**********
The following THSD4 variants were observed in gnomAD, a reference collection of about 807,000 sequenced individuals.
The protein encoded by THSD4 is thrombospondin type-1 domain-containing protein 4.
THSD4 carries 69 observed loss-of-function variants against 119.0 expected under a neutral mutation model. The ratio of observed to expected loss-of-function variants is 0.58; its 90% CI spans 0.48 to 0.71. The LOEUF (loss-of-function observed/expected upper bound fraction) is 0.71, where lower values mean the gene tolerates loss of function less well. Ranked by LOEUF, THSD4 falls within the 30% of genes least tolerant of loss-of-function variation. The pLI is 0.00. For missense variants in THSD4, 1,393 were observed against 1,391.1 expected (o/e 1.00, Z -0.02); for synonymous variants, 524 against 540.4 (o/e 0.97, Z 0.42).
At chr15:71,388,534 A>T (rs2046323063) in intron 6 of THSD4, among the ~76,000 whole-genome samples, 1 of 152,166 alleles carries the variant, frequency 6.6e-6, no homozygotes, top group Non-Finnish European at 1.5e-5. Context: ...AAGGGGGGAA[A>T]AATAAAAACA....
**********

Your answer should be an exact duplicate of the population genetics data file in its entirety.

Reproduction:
The following THSD4 variants were observed in gnomAD, a reference collection of about 807,000 sequenced individuals.
The protein encoded by THSD4 is thrombospondin type-1 domain-containing protein 4.
THSD4 carries 69 observed loss-of-function variants against 119.0 expected under a neutral mutation model. The ratio of observed to expected loss-of-function variants is 0.58; its 90% CI spans 0.48 to 0.71. The LOEUF (loss-of-function observed/expected upper bound fraction) is 0.71, where lower values mean the gene tolerates loss of function less well. Ranked by LOEUF, THSD4 falls within the 30% of genes least tolerant of loss-of-function variation. The pLI is 0.00. For missense variants in THSD4, 1,393 were observed against 1,391.1 expected (o/e 1.00, Z -0.02); for synonymous variants, 524 against 540.4 (o/e 0.97, Z 0.42).
At chr15:71,388,534 A>T (rs2046323063) in intron 6 of THSD4, among the ~76,000 whole-genome samples, 1 of 152,166 alleles carries the variant, frequency 6.6e-6, no homozygotes, top group Non-Finnish European at 1.5e-5. Context: ...AAGGGGGGAA[A>T]AATAAAAACA....